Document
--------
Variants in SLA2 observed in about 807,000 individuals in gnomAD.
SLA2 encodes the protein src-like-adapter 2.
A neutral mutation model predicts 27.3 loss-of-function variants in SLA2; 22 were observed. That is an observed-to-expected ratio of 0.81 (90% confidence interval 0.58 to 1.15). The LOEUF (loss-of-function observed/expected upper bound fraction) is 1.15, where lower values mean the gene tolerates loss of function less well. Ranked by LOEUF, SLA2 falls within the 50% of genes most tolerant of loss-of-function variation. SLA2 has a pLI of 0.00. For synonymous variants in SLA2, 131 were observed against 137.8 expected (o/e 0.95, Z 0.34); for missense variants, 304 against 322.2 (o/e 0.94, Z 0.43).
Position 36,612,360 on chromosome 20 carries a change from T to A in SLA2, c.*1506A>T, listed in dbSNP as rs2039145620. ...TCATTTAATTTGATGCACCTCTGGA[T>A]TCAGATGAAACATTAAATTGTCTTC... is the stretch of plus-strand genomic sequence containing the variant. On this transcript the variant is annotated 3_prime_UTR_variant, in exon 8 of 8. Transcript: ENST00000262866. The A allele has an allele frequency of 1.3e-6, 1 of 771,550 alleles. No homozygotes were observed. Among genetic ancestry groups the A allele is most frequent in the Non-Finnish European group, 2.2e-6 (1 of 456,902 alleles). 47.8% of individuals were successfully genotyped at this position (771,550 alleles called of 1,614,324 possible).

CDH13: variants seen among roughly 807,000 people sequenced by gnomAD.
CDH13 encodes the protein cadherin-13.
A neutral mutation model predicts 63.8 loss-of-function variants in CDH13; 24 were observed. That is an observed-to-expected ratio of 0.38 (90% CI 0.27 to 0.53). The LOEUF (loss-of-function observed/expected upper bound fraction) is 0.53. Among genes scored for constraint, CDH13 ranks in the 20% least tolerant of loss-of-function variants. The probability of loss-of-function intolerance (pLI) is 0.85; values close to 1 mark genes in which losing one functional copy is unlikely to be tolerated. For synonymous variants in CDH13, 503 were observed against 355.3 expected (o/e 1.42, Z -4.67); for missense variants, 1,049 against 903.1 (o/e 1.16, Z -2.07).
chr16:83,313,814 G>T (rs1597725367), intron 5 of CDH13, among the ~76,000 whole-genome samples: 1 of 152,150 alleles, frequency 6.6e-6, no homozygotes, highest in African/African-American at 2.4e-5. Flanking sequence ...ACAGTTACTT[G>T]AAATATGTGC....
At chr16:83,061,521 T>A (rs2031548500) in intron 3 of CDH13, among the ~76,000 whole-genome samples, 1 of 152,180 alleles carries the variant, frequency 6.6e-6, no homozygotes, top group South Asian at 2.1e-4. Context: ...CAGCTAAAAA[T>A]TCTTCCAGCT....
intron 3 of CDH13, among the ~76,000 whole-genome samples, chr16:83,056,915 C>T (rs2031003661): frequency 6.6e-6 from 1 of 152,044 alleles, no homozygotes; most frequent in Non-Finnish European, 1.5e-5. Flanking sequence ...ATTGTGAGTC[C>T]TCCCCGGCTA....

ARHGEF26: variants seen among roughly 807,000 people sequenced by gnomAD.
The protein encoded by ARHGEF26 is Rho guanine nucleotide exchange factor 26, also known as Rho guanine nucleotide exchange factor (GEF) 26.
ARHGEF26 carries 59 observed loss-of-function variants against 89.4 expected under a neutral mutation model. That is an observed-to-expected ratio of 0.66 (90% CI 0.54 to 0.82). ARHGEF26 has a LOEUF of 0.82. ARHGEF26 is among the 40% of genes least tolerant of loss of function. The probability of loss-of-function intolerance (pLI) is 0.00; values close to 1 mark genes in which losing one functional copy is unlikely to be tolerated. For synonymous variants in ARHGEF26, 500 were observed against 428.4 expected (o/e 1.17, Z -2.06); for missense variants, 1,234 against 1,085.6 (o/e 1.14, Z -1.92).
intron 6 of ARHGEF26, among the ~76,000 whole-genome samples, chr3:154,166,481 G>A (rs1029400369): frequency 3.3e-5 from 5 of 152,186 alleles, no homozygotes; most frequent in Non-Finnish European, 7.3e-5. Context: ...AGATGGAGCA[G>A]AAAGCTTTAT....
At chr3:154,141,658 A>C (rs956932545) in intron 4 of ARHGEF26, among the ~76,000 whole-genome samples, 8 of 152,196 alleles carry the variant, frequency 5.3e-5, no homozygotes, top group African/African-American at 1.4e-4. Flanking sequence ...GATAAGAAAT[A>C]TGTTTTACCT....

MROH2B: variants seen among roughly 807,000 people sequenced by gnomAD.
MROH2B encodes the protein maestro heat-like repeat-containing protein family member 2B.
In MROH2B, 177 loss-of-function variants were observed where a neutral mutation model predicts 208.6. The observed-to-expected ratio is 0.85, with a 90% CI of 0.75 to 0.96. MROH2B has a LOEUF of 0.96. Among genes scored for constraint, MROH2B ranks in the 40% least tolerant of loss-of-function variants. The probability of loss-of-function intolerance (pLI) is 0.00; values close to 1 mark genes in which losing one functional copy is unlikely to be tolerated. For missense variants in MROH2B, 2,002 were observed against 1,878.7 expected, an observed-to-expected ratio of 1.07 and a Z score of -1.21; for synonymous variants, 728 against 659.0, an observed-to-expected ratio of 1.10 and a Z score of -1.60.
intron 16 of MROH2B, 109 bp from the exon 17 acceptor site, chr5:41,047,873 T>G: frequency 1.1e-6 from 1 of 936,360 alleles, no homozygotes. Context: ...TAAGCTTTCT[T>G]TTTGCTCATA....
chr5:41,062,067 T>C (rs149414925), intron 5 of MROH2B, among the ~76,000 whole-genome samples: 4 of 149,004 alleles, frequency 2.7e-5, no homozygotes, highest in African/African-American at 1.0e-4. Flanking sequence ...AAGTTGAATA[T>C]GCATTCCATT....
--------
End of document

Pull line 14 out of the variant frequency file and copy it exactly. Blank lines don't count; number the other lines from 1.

intron 6 of ARHGEF26, among the ~76,000 whole-genome samples, chr3:154,166,481 G>A (rs1029400369): frequency 3.3e-5 from 5 of 152,186 alleles, no homozygotes; most frequent in Non-Finnish European, 7.3e-5. Context: ...AGATGGAGCA[G>A]AAAGCTTTAT....